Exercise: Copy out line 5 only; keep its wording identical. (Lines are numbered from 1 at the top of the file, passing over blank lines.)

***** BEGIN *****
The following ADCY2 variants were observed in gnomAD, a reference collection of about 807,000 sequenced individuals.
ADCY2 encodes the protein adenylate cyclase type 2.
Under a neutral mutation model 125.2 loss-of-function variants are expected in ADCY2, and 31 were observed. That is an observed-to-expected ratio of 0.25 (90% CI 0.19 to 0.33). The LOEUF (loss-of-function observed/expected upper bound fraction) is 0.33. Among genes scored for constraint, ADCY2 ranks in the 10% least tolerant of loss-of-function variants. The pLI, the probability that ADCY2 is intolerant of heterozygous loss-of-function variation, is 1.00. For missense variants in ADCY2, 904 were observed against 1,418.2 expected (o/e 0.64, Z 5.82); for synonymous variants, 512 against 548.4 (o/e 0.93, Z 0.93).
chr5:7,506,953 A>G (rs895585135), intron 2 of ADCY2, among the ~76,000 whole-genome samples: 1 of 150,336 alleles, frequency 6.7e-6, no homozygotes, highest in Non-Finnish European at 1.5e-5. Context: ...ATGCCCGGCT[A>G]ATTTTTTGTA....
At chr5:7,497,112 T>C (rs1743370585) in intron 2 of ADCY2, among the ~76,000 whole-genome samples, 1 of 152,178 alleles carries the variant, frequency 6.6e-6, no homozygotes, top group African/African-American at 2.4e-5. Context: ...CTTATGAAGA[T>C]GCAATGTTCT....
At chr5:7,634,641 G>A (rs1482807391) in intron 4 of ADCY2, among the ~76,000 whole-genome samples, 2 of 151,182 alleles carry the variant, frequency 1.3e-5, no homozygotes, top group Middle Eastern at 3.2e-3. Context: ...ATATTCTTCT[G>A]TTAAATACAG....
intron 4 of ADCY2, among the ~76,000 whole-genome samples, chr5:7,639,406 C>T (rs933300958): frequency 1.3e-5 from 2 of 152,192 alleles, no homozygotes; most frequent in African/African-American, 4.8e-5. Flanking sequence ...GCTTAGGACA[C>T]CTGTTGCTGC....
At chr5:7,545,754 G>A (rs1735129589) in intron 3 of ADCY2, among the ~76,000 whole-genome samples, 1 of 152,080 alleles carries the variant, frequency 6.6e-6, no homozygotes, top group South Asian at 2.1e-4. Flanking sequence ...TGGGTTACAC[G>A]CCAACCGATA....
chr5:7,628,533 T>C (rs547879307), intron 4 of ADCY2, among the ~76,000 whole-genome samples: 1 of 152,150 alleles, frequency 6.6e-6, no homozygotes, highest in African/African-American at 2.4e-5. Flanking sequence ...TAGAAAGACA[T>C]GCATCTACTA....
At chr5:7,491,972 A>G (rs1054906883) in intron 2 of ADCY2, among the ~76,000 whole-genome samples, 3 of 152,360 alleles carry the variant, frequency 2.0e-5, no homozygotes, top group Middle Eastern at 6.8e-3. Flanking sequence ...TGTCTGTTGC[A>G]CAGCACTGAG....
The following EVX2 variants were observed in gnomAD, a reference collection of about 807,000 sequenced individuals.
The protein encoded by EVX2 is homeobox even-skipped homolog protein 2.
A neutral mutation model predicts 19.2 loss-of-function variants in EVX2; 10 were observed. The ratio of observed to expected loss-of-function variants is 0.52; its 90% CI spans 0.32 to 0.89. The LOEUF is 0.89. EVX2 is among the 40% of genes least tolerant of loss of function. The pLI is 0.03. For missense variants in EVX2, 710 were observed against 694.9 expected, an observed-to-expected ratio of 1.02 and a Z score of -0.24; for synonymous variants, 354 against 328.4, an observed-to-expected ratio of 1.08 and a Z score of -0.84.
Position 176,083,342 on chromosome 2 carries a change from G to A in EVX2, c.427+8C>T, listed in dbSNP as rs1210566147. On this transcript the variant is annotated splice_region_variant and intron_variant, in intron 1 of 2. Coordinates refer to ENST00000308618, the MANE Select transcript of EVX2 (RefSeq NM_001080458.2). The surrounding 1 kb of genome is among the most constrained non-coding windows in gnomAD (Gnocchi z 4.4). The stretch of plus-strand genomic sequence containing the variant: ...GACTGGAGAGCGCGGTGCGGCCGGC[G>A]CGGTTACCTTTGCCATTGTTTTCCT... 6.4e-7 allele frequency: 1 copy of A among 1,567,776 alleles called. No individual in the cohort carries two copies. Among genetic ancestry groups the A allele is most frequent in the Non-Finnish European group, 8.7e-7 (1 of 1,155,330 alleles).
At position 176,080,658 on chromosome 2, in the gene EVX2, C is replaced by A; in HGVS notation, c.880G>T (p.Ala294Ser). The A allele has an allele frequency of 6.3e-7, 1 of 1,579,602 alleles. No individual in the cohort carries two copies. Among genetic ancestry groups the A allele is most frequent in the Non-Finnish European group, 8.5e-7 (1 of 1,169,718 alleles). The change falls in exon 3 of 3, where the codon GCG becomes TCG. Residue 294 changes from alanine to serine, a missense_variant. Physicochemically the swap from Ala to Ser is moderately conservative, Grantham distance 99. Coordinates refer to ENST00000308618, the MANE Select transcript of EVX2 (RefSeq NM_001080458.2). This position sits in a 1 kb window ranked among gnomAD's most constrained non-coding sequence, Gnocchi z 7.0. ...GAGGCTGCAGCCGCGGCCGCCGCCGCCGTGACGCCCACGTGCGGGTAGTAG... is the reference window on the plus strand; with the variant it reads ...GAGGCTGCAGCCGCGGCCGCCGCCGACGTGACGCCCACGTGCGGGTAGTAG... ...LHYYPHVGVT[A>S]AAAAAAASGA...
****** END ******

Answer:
At chr5:7,497,112 T>C (rs1743370585) in intron 2 of ADCY2, among the ~76,000 whole-genome samples, 1 of 152,178 alleles carries the variant, frequency 6.6e-6, no homozygotes, top group African/African-American at 2.4e-5. Context: ...CTTATGAAGA[T>C]GCAATGTTCT....